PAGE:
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Two Felons Could Force the Supreme Court to Protect Privacy in the Digital Age
Posted on Apr 29, 2014
By Bill Blum
The renowned whistle-blower Edward Snowden and journalists Laura Poitras, Glenn Greenwald and Barton Gellman called the world’s attention to telephone data searches and violations of informational privacy at the hands of today’s surveillance state, and now David Leon Riley and Brima Wurie may have the best chance to persuade the Supreme Court to articulate new privacy standards for the 21st century.
No, Riley and Wurie aren’t fearless public-interest lawyers looking to dismantle the National Security Agency. Nor are they people of great conscience like Snowden, or intrepid investigative reporters like Greenwald and company. They’re convicted criminals serving hard time in California and federal custody, respectively, who just happened to have their cellphones on hand when they were arrested, and their phone data examined afterward without warrants or probable cause.
Riley’s and Wurie’s cases were argued before Chief Justice John Roberts and his colleagues Tuesday in a pair of consolidated appeals that raise constitutional issues about the right to informational privacy under the Fourth Amendment similar to those implicated in the controversy surrounding the NSA’s warrantless collection of telephone metadata. And although the cases aren’t likely to force the very conservative Roberts court to overrule the pivotal 1979 decision—Smith v. Maryland—that has been cited repeatedly by the Obama administration as authority for the metadata program, they could compel the tribunal to question some of Smith’s underlying assumptions.
In the Smith case, the court considered the constitutionality of the government’s installation at a telecom switching station of a “pen register”—a mechanical device that reads the electrical impulses generated by dialing a phone to identify the numbers called by a robbery suspect. By a margin of 5-3, with the great progressive Justices Thurgood Marshall and William Brennan dissenting and Justice Lewis Powell not taking part, the court held that capturing the phone numbers—but not the content—of calls made by a criminal suspect was not a search within the meaning of the Fourth Amendment, much less a Fourth Amendment violation. Because telephone users voluntarily surrender such information whenever they place a call, the court explained, they have no reasonable expectation of privacy in their call logs.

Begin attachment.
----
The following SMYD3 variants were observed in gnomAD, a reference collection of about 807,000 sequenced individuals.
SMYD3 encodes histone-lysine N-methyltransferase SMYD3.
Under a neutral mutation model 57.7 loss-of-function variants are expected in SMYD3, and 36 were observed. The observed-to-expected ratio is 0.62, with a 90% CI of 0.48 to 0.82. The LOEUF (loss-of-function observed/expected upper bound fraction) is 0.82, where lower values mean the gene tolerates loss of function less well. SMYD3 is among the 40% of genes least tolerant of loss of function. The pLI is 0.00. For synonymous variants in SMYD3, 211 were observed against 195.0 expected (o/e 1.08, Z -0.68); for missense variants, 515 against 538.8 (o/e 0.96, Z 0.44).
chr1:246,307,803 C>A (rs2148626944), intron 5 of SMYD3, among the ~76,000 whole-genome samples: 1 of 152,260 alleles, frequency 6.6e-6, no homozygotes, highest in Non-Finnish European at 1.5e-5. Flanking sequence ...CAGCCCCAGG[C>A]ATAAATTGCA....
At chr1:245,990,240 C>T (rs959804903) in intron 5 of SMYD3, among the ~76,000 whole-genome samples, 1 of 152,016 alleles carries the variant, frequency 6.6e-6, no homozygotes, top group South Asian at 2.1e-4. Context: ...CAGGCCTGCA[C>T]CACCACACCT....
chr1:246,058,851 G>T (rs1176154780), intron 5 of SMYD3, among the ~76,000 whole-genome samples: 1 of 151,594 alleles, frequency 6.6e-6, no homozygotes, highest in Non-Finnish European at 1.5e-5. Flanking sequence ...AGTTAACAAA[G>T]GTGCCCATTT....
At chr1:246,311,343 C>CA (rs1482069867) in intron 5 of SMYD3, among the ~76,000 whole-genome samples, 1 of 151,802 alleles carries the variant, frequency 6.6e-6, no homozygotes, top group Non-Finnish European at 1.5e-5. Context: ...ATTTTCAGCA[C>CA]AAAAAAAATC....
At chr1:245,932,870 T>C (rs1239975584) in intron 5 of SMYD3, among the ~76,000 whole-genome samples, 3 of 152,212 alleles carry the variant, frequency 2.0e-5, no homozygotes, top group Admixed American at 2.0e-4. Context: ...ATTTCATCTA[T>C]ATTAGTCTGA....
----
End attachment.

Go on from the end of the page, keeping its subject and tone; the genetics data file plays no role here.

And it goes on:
Echoing Smith’s rationale, an opinion written in August by Foreign Intelligence Surveillance Court Judge Claire V. Eagan held that the difference in scale between the NSA’s bulk collection of telecom metadata and the numbers dialed from a single phone in Smith was constitutionally irrelevant. The metadata program was legal, and the fact that Smith stemmed from a pre-digital age left Eagan entirely untroubled.
Equally unfazed, the Supreme Court rejected a petition challenging the metadata program and the continued validity of Smith brought last term by the Washington, D.C.-based Electronic Privacy Information Center. Subsequent conflicting district court opinions—one by a federal judge in the District of Columbia holding that the program likely violates the Fourth Amendment and the other by a judge in New York concluding just the opposite—are under appeal and are not expected to reach the Supreme Court for at least another year.
Enter Riley and Wurie, with cases that at first blush seem worlds removed from Snowden, Greenwald and the NSA.
On Aug. 2, 2009, members of a San Diego street gang called the Lincoln Park Bloods, who were standing by a red Oldsmobile owned by Riley, opened fire on a vehicle operated by a member of the rival Crips. Three weeks later, a San Diego police officer on routine patrol stopped Riley for driving another car, a Lexus, with expired registration tags. After confirming that Riley had a suspended license, the officer decided to impound the Lexus and radioed for backup to conduct an inventory of the car. Soon after, two handguns were found under the vehicle’s hood, and Riley was hauled off to jail.
Along with the firearms, the police seized Riley’s Samsung smartphone. At the station, officers twice examined the contents of the phone without a warrant, discovering stored photos of Riley standing next to the red Oldsmobile and videos showing him flashing what the cops considered to be gang signs. Later still, the police obtained Riley’s cellphone call log, which showed that his Samsung had been used at the scene of the shooting.
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